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Discussion Starter · #1 ·
A brief video was just posted to demonstrate Lucid's autonomous driving feature:

 

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Discussion Starter · #2 ·
Someone on another forum just pointed out this video is an excerpt of a longer video of a December 2016 test drive. My bad.
 

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A brief video was just posted to demonstrate Lucid's autonomous driving feature:

I believe LUCID does not use the terminology of "AUTOPILOT" but use "PILOT ASSIST".

I remember seeing this terminology a year or so ago. If I am wrong, please comment.
 

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Discussion Starter · #4 · (Edited)
In the article on its website, Lucid refers to their ADAS system as "DreamDrive". I've been unable to locate a reference to "Pilot Assist", but that doesn't mean they haven't used the term at some point. I've found their nomenclature to shift over time for some features.

I think Tesla's "Autopilot" and "Full Self Driving" monikers are deliberately misleading about their cars' capabilities. Lucid has made a wise choice in choosing a less descriptive term for the feature.

These days Tesla's Autopilot is nothing more than adaptive cruise control and lane keeping assist. They de-contented Autopilot by moving its few more advanced features over to the FSD package, perhaps hoping to induce more people to pay for a full self driving system that is nowhere being any such thing. Our new Model S Plaid has considerably less Autopilot capability than the 2015 Model S P90D we traded in for it.
 

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In the article on its website, Lucid refers to their ADAS system as "DreamDrive". I've been unable to locate a reference to "Pilot Assist", but that doesn't mean they haven't used the term at some point. I've found their nomenclature to shift over time for some features.

I think Tesla's "Autopilot" and "Full Self Driving" monikers are deliberately misleading about their cars' capabilities. Lucid has made a wise choice in choosing a less descriptive term for the feature.

These days Tesla's Autopilot is nothing more than adaptive cruise control and lane keeping assist. They de-contented Autopilot by moving its few more advanced features over to the FSD package, perhaps hoping to induce more people to paying for a full self driving system that is nowhere being any such thing. Our new Model S Plaid has considerably less Autopilot capability than the 2015 Model S P90D we traded in for it.
You know how ELON is. A lot of talk for promotion and less in action and delivery.

No one has said this. My personal opinion is that Peter may have left Tesla for releasing Model S before it's time. My Tesla S is made so poorly I can move the front fender 1-2 inches back and forth at the back joint at hood.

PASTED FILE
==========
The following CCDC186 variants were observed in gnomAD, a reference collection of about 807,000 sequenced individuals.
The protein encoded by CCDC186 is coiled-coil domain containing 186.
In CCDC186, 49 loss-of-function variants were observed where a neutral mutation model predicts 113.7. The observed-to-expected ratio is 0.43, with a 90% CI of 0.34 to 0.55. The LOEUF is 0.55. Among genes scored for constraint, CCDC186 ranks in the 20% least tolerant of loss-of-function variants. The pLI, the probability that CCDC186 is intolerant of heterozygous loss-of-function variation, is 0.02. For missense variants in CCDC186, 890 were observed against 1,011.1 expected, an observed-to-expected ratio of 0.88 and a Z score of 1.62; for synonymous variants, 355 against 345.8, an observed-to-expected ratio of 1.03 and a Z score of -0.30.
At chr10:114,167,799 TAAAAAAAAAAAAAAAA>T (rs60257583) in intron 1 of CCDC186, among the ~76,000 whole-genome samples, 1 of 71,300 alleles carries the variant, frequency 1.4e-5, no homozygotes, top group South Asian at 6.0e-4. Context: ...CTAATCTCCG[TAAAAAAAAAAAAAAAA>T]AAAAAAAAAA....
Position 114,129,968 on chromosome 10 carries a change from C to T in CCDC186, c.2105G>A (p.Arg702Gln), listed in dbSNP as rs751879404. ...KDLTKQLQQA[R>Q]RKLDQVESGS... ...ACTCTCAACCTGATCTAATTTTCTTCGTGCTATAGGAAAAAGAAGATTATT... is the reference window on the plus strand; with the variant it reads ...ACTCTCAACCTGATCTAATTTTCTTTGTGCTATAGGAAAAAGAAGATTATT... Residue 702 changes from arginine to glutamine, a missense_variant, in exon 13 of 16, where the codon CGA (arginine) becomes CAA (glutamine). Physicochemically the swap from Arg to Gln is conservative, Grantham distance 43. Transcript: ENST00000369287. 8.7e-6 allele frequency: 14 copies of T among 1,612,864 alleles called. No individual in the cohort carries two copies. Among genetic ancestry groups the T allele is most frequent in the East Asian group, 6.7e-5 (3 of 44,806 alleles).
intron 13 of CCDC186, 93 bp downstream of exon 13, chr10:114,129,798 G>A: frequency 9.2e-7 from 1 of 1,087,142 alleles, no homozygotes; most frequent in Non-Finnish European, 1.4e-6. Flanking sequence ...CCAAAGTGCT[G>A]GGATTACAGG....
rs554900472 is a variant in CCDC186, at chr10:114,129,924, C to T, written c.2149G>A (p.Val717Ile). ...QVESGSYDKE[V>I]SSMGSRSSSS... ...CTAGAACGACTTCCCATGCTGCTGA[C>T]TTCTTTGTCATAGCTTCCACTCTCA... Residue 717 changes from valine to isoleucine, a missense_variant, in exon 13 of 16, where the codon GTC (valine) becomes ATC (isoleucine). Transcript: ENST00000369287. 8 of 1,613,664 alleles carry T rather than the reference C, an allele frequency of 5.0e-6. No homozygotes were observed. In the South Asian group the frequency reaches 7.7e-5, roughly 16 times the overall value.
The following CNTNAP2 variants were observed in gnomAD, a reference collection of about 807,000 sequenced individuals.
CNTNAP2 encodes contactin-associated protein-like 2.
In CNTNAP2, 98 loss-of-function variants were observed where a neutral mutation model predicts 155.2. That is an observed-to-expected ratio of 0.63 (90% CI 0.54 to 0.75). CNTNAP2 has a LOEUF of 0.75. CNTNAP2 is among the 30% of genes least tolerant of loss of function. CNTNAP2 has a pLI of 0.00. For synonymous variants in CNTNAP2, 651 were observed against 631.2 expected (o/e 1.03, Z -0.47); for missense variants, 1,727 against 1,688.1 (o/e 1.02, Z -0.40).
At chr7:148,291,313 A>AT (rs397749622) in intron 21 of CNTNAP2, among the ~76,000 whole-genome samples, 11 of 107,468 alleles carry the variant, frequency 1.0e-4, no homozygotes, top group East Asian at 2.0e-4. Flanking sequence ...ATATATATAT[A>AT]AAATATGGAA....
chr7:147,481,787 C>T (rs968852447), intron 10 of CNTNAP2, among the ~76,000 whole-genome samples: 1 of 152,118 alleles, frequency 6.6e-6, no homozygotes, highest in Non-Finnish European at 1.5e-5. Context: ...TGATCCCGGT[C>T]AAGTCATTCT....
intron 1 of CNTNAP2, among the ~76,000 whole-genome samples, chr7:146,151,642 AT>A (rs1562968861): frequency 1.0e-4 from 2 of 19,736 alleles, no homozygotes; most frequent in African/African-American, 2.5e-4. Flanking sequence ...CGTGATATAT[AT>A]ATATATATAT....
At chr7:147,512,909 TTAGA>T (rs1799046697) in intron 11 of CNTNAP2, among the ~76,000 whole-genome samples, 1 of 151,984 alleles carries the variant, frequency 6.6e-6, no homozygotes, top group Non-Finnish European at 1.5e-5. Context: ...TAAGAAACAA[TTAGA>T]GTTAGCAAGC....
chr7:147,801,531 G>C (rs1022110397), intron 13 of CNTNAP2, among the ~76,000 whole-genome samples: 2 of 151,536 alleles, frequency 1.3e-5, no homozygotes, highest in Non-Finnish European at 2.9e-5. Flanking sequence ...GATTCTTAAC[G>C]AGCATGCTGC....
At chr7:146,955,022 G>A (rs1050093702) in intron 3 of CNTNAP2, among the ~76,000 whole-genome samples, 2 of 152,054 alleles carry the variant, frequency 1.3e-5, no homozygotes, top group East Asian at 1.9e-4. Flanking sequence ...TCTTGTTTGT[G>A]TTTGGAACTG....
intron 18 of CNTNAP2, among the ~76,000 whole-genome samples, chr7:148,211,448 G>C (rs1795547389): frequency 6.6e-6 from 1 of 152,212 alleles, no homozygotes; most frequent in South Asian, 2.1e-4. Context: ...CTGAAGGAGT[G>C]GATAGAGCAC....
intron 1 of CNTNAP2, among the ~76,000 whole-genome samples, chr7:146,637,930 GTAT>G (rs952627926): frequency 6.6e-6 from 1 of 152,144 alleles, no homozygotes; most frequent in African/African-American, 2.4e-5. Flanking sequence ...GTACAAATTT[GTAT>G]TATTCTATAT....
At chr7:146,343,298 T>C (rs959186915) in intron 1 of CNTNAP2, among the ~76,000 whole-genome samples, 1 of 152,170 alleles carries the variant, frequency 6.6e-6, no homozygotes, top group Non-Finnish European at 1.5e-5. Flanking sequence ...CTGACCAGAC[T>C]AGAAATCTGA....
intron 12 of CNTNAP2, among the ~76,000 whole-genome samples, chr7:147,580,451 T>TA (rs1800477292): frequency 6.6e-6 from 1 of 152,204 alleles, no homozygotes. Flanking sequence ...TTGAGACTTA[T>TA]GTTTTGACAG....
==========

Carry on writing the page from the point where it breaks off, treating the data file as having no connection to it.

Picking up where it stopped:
Since Peter is very cautious and releases information on Lucid which is lot less than its capability. Also wants to make sure Tesla disaster dent happen to Lucid. I believe strongly in his belief. Did you get a chance to attend February 13 2020 get together at Newark, CA on their first event on Dream Edition. Peter was mingling with everyone and he a very polite but serious gentleman to listen to what he was saying. He is a solid leader and I am very sure Lucid Motor not only survives but will be a shining star in EV industry. Money is less important than the quality and efficiency.
 

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Discussion Starter · #6 ·
It's hard to know what the real story is at Tesla. It could well be that Musk forced an early release of the Model S. There have been reports that Rawlinson simply had all he could take of Musk and joined the legions of Tesla execs who have left the company. I once did an off-the-cuff analysis of who had left Tesla. Inside the generally high attrition rate, what stood out particularly was the extremely high turnover in the compliance functions of Finance and Legal. This can be a sign that people who are responsible for legal compliance and clean financial reporting were put under unusually intense pressure at Tesla. Given Musk's open flouting of SEC rules and settlement agreements and dodgy sales timing practices, this theory seems supportable.

It's telling that 8 of the 20 senior staff at Lucid came from Tesla, including the head of manufacturing (Peter Hochholdinger) and the head of hardware engineering (Erich Bach). In the engineering world, people seek to work for people whose engineering chops they trust more than any other factor. And Rawlinson seems to be a talent magnet for engineers where Musk is a talent repellant.

One has to remember that Rawlinson is a mechanical engineer who added electrical engineering to his resume later in his career. He is not a manufacturing engineer, and prior to Lucid he has never overseen a manufacturing function. Thus he brought in a well-known industry player for that role at Lucid.

We took delivery on August 21 of a Tesla Model S Plaid. Despite a lot of hoopla about its much-improved build quality, we are finding more uneven panel gaps and interior trim misalignments than in our 2015 Model S. The car has already been in the shop to correct the scuffing of the yoke against the steering column, and mobile repair is coming tomorrow to replace the driver side outside mirror which vibrates so badly that images don't resolve clearly. We've just been hoping it doesn't fly off the car before it can be replaced. On the other hand, our 2015 Tesla had some hidden flaws. A battery pack weld failure took out the battery pack and the rear drive unit, we went through four driver door handle mechanisms, and the MCU had to be replaced. In fact, we were in such a hurry to replace the car after its extended warranty expired that we took a Model S Plaid instead of waiting for the Rivian R1S Launch Edition we had reserved to replace the S.

Tesla has taken a lot of justified flak over shoddy build quality and poor inspection. However, the Model S electric powertrain rocked the automotive world, and THAT is what was squarely in Peter Rawlinson's brief.
 

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Agree with you 100%

Tesla is building so many Giga manufacturing units.

In five years, they may end up manufacturing other brand EV's along with their own Tesla.

or if they don't improve the quality, they may even go down in their fortune.